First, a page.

Investec Cape Town Art Fair 2020
14 to 16 February 2020
LIS10 Gallery Milano
Exhibited artist : Mario Macilau, Goncalo Mabunda
Mario Macilau (Mozambique, 1984-)
Through his works restores the dignity of socially isolated groups. Immortalize faces and inhabited places by marginalization and suffering, with the aim of restoring their esteem and respect, as inalienable values. He returns several times to places and people before photographing them, to be able to connect with the subjects and themes that interest them. Through this process, when he photographs, he not only creates images, but transmits a state of mind, that which is perceived beyond injustice.
His art investigates the inalienability of hope and dignity. The Faith series and a new cycle on water, focus on the animism that still exists in Mozambique. In these photos there is no distinction between the object and the man, each element is not random and acts as a link with other dimensions: this is why his photographs show an alternative social complaint, less provocative but more icastic. A real anthropological study about the social abandonment, and not only, that those communities face. A way to protect one’s own culture, spreading it in a globalized environment that tends to neutralize origins, folklore and diversity. A multi-purpose reflection that concerns everyone, not just socially isolated groups.
He lives and works in Maputo, where he grew up and where since he was a boy he worked on the street and among the faces he is now photographing. His career as a photographer begins in 2003 and becomes professional when in 2007 he exchanges his mother’s cell phone with his first camera, then enrolling in the Centro de Formação and Documentação Fotográfica in Maputo. His work has been exhibited in many solo and group exhibitions: in 2016 he was invited to participate in a program and an exhibition with the United Nations Office in Geneva, World Press Photo and Universal Rights Group; only in 2015 he was present at the 56th Venice Biennale, was included in the Making Africa exhibition: A Continent of Contemporary Design by the Vitra Design Museum, curated by Amelie Klein with Okwui Enwezor, and was presented at the Guggenheim Museum in Bilbao, Spain. Other noteworthy exhibitions are Pangea: New Art from Africa and Latin America, at the Saatchi Gallery in London in 2014; Tempo Galeria Belo-Galsterer, Lisbon, 2013; Dak’art Biennial OFF, Dakar, 2012; Rencontres de Bamako, Bamako 2011.
Macilau’s work has also received numerous awards including the European Union Award for Environment (2015), UNESCO-Aschberg Bursary for Visual Arts (2014).
Gonçalo Mabunda (Mozambique, 1975-)
The artist, who represents Mozambique at Venice Biennale 2019, converts in artistic dimension dismantled war materials, that were in use during the long and bloody civil wars – 16-year – that affected his country (Mozambique).
Mabunda appropriates of all kind of war waste, deconstructs them and then assembles them according to personal dynamics, to form masks and thrones with tribal reminiscences characteristic of sub-Saharan culture. The origin of this special technique is to be found in the government program called “Transforming guns into hopes”, to which Mabunda participated since its inception in 1995. The aim of the project was to collect the weapons still extremely widespread on the territory, and destroy most of them while a residual quantity was given to the artists, asking them to “transform” it creatively. In this exhibition in Pietrasanta a selection of masks and thrones will be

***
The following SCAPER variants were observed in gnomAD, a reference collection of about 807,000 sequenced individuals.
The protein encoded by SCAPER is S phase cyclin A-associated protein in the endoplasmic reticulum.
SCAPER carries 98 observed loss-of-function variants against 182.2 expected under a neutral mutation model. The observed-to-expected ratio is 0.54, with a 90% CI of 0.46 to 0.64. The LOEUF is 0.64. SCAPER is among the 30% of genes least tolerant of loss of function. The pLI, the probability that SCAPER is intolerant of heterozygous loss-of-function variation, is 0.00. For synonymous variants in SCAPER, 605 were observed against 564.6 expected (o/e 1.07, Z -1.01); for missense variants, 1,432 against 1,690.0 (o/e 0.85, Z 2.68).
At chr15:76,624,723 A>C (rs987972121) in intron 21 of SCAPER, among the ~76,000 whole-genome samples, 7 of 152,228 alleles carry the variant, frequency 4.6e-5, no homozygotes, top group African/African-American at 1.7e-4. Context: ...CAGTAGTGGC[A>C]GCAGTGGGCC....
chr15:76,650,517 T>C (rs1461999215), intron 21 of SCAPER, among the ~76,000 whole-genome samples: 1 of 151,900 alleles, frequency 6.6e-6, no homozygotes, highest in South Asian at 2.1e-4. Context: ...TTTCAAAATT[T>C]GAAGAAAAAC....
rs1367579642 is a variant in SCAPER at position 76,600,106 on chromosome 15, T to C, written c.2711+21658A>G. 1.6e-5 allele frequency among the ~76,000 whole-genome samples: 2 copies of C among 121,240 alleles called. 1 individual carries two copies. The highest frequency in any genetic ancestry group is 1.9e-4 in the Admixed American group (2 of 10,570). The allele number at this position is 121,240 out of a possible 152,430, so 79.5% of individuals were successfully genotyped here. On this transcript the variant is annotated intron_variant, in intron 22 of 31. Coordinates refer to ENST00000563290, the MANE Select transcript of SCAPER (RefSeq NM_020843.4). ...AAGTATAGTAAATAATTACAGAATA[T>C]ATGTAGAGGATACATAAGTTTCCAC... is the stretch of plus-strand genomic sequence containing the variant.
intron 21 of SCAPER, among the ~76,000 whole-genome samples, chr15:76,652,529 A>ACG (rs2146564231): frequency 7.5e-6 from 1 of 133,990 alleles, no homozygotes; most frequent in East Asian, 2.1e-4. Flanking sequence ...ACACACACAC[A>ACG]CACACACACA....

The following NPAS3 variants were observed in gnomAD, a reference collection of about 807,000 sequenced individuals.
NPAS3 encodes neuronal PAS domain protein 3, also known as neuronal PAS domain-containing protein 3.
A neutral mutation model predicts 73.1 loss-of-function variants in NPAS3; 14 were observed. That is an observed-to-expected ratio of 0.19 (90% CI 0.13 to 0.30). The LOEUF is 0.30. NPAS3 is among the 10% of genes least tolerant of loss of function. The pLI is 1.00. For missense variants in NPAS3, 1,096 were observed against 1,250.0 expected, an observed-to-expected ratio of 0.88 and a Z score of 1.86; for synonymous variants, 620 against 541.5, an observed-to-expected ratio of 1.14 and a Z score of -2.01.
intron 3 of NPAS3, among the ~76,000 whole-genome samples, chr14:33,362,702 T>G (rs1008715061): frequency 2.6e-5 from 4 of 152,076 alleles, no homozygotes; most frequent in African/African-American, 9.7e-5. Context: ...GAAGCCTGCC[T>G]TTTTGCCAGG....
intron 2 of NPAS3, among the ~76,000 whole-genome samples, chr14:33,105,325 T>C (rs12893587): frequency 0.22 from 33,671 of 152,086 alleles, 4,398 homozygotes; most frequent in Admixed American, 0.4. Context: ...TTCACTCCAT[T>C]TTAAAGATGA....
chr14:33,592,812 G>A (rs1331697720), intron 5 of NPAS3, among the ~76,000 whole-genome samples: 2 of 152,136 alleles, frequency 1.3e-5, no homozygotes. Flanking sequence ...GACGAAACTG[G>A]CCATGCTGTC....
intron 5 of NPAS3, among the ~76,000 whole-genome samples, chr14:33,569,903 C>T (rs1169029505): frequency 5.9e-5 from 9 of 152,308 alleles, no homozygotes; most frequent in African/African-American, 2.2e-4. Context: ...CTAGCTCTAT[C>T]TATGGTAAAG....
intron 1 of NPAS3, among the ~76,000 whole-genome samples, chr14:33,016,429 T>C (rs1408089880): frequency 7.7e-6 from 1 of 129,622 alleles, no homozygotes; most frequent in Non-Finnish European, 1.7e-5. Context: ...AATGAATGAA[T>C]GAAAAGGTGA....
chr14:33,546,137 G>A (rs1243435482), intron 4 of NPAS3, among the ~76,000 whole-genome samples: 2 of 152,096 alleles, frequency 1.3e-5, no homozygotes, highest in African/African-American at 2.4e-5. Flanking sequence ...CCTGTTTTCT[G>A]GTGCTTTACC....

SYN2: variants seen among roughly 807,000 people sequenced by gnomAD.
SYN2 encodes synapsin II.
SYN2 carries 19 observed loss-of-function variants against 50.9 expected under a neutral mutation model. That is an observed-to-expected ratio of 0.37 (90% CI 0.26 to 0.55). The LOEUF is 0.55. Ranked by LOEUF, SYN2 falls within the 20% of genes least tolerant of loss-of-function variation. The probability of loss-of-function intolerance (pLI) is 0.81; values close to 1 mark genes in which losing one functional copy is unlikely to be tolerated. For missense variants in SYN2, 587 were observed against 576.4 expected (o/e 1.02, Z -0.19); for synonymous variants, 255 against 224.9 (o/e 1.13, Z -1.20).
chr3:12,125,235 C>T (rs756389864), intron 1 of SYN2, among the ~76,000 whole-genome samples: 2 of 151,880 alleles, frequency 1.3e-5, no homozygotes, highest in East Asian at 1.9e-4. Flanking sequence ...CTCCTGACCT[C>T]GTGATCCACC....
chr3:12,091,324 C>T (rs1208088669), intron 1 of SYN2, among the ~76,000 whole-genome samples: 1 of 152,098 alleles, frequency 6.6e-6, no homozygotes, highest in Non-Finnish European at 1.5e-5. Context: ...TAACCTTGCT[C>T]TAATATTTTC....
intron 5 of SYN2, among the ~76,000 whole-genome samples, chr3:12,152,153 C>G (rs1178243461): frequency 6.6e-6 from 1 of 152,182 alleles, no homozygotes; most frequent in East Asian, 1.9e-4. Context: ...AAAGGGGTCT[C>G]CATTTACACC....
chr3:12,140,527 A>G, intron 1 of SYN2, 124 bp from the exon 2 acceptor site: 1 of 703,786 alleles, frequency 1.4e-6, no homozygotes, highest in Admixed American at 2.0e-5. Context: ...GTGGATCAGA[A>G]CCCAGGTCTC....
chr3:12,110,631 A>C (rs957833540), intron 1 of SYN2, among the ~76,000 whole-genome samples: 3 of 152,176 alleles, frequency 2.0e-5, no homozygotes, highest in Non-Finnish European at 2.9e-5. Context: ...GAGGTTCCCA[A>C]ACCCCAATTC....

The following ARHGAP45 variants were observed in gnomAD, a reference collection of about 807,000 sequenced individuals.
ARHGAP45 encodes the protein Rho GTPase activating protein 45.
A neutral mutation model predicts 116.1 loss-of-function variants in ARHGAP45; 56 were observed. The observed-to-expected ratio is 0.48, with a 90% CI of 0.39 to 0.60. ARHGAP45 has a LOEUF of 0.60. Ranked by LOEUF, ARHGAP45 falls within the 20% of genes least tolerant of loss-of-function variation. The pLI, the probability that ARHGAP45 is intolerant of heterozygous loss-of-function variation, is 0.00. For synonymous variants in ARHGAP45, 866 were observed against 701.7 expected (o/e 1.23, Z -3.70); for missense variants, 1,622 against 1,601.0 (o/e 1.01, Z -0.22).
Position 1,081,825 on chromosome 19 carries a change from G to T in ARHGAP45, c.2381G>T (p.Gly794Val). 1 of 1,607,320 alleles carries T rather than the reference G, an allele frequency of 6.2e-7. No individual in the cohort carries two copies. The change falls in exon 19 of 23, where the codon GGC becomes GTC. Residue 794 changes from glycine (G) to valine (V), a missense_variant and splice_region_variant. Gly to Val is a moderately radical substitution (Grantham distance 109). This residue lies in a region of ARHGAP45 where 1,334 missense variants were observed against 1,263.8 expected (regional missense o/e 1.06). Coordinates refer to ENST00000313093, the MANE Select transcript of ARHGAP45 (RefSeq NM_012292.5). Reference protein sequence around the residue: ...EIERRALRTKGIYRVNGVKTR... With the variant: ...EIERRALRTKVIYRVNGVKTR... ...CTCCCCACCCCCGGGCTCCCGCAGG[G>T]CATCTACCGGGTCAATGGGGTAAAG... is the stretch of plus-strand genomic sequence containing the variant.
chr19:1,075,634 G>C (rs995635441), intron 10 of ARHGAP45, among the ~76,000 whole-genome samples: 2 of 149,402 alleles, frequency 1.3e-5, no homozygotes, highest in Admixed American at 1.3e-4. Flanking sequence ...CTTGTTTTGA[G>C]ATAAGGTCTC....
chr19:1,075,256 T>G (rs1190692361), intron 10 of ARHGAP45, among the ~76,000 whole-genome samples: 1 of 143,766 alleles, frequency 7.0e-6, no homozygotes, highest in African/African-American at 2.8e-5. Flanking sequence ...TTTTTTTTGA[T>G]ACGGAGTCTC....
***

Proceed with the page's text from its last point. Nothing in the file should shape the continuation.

Mabunda’s masks have a strong evocative power and maintain the symbolic and ritual values of the ancient African tribal masks that are part of the artist’s culture and tradition, while converted in a contemporary way. With his creations Mabunda condemns the atrocities of war. He points out, in a metaphorical and symbolic way, war’s
hidden and lasting mechanisms and he highlights its indissoluble links with the exercise of political power. The shapes of his masks are troubling, they represent the catharsis in artistic form of war objects – full of nefarious meanings for a country and for the whole humanity (in Mozambique there have been over one million deaths and
4 million refugees due to the civil war). The thrones, symbols of that same power conquered with the weapons that compose them, become striking complaints of the emptiness of a government obtained by violence and they are full evidences of a cultural short circuit between technological modernity (represented by weapons) and the
ancestral identity rituals of the Mozambican people and its collective memory (expressed with subjects like mask and thrones).
Mabunda therefore appears as creator, literally constructor, the one who makes visible, through the work of decomposition and recomposition of form, a further sense of things. A mediator able to ascend the personal dimension up to universal values. The hidden, evoked in the title, refers to new possibility of existence for those objects (weapons) thanks to an aesthetic structure. This new structure doesn’t make the impact of the objects softer but it channels it into a new possibility of meaning that becomes, by contrast, at the same time denunciation and epiphany of a new form of life and relationship between people.
In 1992 Mabunda began to paint and in 1995 participated in Ujamaa IV, workshop as assistant to the South African artist Andries Botha. Since 1997 he’s been working as a professional artist creating sculptures made of dismantled war weapons. His masks and thrones’ shapes recall traditional African culture and -despite the material or maybe
thanks to it- they are carrier of a strong and cathartic message against all wars. This Year Mabunda represents his country at the Venice Biennale in the Mozambique pavillon.